Newtown, Conn. — Six days after the funeral of six-year-old Noah Pozner, his family is taking stock of the gifts sent to them by strangers all over the world. There’s a stiff teddy bear in a brown overcoat and hat accompanied by a note from a woman who says the bear gave her great comfort when her mother passed away. There is a box filled with tiny stuffed animals. And a miniature cypress tree, which reminds Veronique, Noah’s mother, to think of life.
Noah’s maternal grandmother, Marie-Claude Duytschaever, pulls a brown bear with lanky arms and legs from a cardboard box. It’s meant for Noah’s twin, Arielle, and his 7-year-old sister, Sophia. Veronique takes the stuffed animal — the family will later name it “Noah Bear” — in her arms and gives it a long squeeze before surrendering it to the living room where the toys are quickly piling up. The gifts seem to comfort the family, but they also highlight the absence of the boy who would have reveled in them.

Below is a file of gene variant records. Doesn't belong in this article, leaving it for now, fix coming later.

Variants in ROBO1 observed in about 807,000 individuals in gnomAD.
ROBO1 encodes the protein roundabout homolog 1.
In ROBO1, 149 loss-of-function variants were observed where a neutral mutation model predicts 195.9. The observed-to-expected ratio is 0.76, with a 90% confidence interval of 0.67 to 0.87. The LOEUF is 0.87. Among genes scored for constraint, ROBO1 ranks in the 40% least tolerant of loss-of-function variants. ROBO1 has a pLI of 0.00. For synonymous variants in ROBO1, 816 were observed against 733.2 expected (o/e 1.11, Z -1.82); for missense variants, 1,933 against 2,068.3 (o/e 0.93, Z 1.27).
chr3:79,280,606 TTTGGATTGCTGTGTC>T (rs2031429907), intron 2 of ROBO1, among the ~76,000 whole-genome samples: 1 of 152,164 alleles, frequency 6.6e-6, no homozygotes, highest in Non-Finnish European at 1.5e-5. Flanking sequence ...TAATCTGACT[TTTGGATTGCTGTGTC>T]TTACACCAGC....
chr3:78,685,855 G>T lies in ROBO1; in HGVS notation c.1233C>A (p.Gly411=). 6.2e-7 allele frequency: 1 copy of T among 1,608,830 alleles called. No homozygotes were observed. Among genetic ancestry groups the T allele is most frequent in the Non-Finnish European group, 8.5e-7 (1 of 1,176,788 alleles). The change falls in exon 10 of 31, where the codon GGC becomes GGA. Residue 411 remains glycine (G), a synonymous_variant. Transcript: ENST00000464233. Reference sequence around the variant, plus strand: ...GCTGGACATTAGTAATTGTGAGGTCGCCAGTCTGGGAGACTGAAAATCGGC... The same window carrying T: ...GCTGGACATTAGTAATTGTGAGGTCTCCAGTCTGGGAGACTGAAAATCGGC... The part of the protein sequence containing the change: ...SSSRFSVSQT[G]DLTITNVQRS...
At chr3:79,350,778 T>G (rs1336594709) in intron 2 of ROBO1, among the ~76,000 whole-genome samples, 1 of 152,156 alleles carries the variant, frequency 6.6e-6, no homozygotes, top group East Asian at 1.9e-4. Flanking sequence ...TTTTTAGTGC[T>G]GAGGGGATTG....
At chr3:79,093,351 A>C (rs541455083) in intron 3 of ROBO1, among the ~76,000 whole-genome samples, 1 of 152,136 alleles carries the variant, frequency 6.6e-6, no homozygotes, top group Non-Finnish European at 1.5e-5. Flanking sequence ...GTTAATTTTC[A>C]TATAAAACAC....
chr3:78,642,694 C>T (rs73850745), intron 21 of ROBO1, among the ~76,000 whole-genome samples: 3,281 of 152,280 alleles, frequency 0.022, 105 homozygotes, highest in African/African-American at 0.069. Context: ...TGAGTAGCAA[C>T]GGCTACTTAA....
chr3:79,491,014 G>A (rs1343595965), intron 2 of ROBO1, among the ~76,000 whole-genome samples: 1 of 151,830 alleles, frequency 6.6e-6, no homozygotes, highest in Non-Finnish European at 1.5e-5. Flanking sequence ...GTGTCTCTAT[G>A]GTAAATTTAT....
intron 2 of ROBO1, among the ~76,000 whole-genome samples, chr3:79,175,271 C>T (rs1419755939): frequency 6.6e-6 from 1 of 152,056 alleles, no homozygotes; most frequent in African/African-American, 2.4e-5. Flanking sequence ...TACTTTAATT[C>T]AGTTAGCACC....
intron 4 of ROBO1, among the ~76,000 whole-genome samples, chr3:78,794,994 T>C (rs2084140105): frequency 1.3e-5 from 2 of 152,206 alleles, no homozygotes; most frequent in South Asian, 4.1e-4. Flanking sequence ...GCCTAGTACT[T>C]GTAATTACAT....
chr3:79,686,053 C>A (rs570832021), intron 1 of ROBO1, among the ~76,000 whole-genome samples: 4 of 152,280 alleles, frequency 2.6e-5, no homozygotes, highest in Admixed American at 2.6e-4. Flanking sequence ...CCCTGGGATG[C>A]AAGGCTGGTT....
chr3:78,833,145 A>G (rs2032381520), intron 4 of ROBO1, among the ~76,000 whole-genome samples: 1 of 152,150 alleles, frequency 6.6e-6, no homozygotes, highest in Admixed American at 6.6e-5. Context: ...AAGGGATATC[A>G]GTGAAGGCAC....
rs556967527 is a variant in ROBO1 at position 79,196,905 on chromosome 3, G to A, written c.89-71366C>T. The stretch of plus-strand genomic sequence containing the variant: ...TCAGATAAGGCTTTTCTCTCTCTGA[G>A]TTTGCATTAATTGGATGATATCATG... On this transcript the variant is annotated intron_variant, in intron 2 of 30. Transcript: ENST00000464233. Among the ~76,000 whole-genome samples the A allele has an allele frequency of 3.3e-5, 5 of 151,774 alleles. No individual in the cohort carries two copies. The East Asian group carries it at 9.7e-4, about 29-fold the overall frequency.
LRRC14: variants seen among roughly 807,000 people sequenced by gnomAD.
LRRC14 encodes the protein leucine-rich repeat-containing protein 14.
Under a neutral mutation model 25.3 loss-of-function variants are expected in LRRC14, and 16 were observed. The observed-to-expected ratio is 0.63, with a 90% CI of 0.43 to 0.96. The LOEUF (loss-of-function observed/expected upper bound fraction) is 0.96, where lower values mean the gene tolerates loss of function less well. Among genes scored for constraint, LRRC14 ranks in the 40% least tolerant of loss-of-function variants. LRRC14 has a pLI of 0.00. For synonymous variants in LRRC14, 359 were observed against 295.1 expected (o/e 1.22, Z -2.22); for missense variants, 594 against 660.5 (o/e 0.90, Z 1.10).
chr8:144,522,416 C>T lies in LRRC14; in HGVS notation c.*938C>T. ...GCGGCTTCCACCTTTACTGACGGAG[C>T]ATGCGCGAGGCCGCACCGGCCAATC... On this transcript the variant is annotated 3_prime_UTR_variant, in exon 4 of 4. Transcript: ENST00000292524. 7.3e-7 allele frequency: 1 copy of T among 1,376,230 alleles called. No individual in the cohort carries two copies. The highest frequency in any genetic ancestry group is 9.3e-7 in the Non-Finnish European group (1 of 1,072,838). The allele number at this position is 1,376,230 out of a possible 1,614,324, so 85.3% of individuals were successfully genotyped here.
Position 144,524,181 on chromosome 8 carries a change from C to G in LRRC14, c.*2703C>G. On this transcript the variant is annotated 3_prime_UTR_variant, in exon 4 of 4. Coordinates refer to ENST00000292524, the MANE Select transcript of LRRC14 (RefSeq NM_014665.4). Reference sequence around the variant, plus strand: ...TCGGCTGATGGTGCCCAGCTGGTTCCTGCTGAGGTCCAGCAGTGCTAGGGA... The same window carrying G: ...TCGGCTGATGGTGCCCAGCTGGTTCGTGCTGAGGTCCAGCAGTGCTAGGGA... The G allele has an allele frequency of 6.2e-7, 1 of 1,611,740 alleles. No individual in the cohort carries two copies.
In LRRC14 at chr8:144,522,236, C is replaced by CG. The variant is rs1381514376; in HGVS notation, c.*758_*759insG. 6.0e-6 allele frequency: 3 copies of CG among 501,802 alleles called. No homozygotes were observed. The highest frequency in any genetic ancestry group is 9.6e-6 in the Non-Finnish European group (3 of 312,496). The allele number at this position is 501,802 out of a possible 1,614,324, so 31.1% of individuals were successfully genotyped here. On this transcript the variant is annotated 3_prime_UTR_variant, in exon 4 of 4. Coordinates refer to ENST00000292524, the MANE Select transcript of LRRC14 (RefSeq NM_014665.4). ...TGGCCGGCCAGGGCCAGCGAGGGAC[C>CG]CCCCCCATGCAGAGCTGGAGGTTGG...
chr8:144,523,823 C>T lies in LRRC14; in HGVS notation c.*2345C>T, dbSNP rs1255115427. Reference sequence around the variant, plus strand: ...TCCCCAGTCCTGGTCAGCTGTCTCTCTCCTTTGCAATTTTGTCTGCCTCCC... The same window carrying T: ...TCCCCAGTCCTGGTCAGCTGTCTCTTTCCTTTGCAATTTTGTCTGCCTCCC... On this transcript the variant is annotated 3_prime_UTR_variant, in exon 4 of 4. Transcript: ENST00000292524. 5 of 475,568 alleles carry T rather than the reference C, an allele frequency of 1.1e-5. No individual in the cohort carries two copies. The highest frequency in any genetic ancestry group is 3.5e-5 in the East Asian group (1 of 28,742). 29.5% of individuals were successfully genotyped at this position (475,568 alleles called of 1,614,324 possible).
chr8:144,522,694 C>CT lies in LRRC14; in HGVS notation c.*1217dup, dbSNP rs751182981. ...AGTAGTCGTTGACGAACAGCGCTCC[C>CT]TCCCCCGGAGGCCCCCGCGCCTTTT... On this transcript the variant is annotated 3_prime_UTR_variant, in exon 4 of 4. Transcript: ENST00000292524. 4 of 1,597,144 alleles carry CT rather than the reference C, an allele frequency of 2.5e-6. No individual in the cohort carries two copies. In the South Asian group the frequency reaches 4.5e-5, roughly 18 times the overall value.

Noah was the youngest child massacred at Sandy Hook Elementary School on December 14, when 20-year-old gunman Adam Lanza first killed his mother, Nancy Lanza, and then shot his way into the school and slayed 20 first grade students and six staff members, including the principal. Noah was hit 11 times. He was the first child to be buried, on December 17 in a funeral overseen by Rabbi Shaul Praver of Congregation Adath Israel of Newtown.
For the following six nights, the family sat shiva at a friend’s house, which could better accommodate the dozens of visitors than their smaller home. Today, Sunday, with the official Jewish mourning period over, the Pozners have invited friends and family to a large white two-story home they have rented on the outskirts of Newtown. (Noah’s father Lenny is not present. After the shiva period, he went to be with family in Florida.) In preparation, the family clears the stuffed animals off the kitchen island and replaces them with bowls of dried fruit, chips, candied nuts, carrot sticks and a roast turkey.
This is how the nation’s most famous Jewish grieving family grieves.